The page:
The dangers of the 'system' and browser mining

Enterprises are addicted to systems. Large enterprises doubly or triply so. Such commitment brings with it dangers. Curiously, in a quite different way, the humble browser may be an engine for others to reap benefits (though you might also, under some circumstances). This brief commentary will examine:

  • two instances where the ‘system’ prevents business
  • the case of browsers used for unauthorised cryptocurrency mining.

The sad instances of CaixaBank, Iberdrola and the ‘system’

In Madrid I have had recent experience of two instances where the ‘system’ manifestly inhibited the ability of the human to serve the customer. In the first, CaixaBank issued a ‘Cheque Bancario’ (the equivalent of a guaranteed banker’s cheque). This was for the repayment of a mortgage issued by CaixaBank. (Do not ask why CaixaBank could not transfer direct within itself- a different story not relevant here.)

The Cheque Bancario was presented at the Caixabank which possessed the mortgage registration. While CaixaBank could deposit and accept a Cheque Bancario from Banco Santander it could not accept a Cheque Bancario issued by CaixaBank and payable to CaixaBank. The ‘system’ could not process it and it took 2 hours to resolve. All the time the harrassed CaixaBank employee, courteous to a fault, was having to explain ‘its the system which prevents acceptance’. In other words the ‘system’ ruled, even if it wasted time and prevented an internal transaction.

The second instance involved the energy company, Iberdrola. When asked to add a second metered account to an existing account all seemed simple. An hour later found the equally diligent accounts person unable to link the two accounts. She saw the information for both on the screen. But copying across details and making the link was impossible. The ‘system’ simply rejected the association, with no good reason displayed. On this occasion the ‘answer’ was to create a new account. That solved the issue without addressing the intention.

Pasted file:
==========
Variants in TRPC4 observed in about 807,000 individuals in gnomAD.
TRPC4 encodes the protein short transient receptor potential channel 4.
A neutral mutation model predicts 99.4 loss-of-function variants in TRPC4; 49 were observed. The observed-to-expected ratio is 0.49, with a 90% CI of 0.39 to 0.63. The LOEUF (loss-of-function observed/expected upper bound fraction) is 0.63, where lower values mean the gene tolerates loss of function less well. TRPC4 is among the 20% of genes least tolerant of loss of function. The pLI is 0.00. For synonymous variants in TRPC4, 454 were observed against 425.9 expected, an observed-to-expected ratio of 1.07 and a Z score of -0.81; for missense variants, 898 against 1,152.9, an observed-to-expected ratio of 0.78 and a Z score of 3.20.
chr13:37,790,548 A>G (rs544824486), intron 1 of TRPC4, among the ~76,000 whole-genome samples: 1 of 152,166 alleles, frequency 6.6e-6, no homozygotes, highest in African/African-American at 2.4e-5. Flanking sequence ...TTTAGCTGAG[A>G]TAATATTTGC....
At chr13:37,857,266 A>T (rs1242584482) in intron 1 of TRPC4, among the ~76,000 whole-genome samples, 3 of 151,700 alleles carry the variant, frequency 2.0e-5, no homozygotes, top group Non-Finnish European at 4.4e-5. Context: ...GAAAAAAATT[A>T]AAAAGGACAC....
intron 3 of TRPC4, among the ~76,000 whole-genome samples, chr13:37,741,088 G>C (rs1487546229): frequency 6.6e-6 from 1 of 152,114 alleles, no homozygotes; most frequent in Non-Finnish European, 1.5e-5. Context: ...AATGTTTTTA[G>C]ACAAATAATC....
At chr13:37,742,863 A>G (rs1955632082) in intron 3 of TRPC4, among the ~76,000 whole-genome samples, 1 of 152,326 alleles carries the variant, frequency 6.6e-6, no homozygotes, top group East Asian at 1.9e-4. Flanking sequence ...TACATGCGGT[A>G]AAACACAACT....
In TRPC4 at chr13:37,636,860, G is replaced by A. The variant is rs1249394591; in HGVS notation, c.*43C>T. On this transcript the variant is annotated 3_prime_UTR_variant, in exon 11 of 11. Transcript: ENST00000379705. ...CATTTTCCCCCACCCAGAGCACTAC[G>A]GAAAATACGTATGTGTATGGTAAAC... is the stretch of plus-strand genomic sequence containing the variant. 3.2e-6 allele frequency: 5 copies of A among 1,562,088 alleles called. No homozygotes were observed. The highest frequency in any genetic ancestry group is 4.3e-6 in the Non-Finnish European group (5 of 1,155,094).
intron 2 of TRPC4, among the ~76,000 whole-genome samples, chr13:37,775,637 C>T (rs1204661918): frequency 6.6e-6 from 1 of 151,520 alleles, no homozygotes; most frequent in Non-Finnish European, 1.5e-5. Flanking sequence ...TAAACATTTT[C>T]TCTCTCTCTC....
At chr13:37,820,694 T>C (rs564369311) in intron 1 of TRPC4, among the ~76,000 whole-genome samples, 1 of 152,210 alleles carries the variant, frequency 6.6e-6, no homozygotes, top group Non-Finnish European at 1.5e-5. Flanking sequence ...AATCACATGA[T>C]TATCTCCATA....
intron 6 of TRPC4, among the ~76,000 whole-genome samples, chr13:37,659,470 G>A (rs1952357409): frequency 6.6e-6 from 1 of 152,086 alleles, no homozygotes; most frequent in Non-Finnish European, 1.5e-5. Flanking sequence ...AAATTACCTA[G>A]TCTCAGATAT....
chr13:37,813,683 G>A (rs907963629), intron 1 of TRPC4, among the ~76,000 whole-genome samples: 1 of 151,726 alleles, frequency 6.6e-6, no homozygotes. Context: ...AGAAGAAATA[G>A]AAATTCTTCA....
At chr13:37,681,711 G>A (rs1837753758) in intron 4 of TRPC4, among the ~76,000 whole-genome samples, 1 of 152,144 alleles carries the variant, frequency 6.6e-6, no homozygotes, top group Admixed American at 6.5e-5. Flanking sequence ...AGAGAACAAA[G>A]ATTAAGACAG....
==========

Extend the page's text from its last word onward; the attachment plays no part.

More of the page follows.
On discussing the problems with Iberdola employee, I received the distinct impression this was a problem of systems, possibly old ones rolled into new ones. In this case the (unproveable on the spot) impression was the new ‘system’, which was fancier and with far more capability, had ‘absorbed’ (merged?) an older system. Whereas the older system permitted one form of data entry the new one had changed the rules. Ergo old data in the new system prevented actions possible in the new system.

Browsers used for unauthorised cryptocurrency mining

Palo Alto Networks has come out with a report entitled “Unauthorized Coin Mining in the Browser“. This found that cryptocurrency coin mining is often taking place on consumer devices unknown to users. In its analysis, Palo Alto Networks indicate a broad spectrum of ‘victims’ across the globe. The highest impact is in the US and Europe.

Cryptocurrencies have high visibility. Unauthorised cryptocurrency mining means that visitors to websites end up coin mining without their knowledge. Worse, the mined value goes to the site owner who has installed coin mining software.